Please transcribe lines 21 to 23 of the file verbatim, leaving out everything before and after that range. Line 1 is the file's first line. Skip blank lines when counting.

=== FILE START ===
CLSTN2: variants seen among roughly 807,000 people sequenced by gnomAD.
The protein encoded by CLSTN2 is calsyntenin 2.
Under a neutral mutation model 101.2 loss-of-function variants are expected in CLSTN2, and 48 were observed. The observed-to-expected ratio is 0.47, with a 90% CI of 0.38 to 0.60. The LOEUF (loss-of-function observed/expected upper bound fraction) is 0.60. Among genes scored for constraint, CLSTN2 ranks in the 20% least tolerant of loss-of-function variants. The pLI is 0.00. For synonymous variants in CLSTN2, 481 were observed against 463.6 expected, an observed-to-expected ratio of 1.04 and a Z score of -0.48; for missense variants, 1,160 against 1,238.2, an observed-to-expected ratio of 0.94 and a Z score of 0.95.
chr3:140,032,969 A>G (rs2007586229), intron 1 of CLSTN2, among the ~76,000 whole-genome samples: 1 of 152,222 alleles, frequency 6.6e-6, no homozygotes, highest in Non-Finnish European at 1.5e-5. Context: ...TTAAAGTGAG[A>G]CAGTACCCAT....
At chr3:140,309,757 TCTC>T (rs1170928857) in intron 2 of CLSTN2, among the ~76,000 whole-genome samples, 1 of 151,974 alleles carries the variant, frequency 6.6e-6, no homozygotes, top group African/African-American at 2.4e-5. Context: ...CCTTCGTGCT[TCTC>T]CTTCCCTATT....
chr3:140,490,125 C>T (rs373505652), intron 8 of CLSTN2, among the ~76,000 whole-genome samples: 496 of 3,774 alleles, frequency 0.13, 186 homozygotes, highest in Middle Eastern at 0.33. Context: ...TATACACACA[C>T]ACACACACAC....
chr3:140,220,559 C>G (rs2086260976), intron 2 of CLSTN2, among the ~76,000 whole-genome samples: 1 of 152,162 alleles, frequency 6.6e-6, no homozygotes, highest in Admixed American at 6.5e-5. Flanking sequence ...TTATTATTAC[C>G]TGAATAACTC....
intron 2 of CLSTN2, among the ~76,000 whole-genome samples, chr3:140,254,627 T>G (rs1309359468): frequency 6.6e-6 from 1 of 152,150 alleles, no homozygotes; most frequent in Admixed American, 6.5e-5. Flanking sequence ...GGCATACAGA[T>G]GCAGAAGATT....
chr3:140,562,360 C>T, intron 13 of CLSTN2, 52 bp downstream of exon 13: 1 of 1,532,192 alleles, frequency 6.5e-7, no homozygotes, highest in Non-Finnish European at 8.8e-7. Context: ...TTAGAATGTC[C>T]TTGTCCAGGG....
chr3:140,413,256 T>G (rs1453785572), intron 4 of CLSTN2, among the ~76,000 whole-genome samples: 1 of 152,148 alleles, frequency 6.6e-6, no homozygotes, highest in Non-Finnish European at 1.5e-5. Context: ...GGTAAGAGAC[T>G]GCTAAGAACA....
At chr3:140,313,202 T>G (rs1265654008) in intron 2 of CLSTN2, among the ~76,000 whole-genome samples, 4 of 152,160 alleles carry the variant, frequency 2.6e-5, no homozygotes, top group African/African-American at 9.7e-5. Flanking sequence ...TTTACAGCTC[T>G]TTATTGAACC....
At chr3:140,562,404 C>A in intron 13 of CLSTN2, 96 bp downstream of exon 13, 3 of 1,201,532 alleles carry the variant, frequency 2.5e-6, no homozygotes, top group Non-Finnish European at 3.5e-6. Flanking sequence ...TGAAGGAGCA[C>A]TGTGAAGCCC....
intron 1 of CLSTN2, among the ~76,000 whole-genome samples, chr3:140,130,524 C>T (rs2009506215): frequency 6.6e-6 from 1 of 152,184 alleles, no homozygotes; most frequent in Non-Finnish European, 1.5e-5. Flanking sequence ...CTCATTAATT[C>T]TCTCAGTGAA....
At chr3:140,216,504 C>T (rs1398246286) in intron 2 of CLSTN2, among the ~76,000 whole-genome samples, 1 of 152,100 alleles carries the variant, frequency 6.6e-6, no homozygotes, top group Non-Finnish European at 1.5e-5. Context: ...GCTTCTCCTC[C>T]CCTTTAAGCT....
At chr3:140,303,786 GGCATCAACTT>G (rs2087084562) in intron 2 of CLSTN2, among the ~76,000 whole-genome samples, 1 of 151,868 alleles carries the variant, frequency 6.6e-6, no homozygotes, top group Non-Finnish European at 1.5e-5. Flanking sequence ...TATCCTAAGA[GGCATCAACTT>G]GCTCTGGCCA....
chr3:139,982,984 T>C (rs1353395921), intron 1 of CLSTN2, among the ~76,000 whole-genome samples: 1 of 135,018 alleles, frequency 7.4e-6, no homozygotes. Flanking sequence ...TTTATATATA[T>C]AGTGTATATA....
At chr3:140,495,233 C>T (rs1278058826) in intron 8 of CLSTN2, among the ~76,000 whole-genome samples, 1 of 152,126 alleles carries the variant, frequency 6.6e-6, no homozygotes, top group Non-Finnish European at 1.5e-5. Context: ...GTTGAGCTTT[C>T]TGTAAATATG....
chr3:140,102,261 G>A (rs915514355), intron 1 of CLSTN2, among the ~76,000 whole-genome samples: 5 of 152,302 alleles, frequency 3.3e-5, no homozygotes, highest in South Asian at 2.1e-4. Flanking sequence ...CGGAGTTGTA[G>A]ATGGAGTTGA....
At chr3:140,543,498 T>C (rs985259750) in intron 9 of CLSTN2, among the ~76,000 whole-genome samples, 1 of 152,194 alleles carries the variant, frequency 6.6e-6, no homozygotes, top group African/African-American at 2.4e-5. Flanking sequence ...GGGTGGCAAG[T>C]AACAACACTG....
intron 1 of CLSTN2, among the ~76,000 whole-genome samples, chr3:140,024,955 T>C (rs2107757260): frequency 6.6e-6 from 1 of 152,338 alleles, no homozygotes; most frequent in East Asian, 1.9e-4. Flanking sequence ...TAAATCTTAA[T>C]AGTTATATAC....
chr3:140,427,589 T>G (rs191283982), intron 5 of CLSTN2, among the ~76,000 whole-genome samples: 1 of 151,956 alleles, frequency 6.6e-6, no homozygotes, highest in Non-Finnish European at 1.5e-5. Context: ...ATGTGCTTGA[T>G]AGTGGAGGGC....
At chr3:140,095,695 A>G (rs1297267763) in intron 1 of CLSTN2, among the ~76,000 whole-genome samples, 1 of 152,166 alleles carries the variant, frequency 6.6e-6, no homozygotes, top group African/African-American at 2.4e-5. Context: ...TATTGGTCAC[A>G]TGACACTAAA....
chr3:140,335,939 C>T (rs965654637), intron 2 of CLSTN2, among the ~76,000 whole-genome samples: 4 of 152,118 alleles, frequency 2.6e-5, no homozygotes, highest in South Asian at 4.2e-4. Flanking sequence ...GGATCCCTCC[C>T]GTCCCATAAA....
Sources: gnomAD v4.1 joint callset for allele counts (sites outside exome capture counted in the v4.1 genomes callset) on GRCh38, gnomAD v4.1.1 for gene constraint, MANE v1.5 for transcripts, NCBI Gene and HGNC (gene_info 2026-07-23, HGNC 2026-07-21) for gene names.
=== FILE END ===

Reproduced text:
chr3:140,427,589 T>G (rs191283982), intron 5 of CLSTN2, among the ~76,000 whole-genome samples: 1 of 151,956 alleles, frequency 6.6e-6, no homozygotes, highest in Non-Finnish European at 1.5e-5. Context: ...ATGTGCTTGA[T>G]AGTGGAGGGC....
At chr3:140,095,695 A>G (rs1297267763) in intron 1 of CLSTN2, among the ~76,000 whole-genome samples, 1 of 152,166 alleles carries the variant, frequency 6.6e-6, no homozygotes, top group African/African-American at 2.4e-5. Context: ...TATTGGTCAC[A>G]TGACACTAAA....
chr3:140,335,939 C>T (rs965654637), intron 2 of CLSTN2, among the ~76,000 whole-genome samples: 4 of 152,118 alleles, frequency 2.6e-5, no homozygotes, highest in South Asian at 4.2e-4. Flanking sequence ...GGATCCCTCC[C>T]GTCCCATAAA....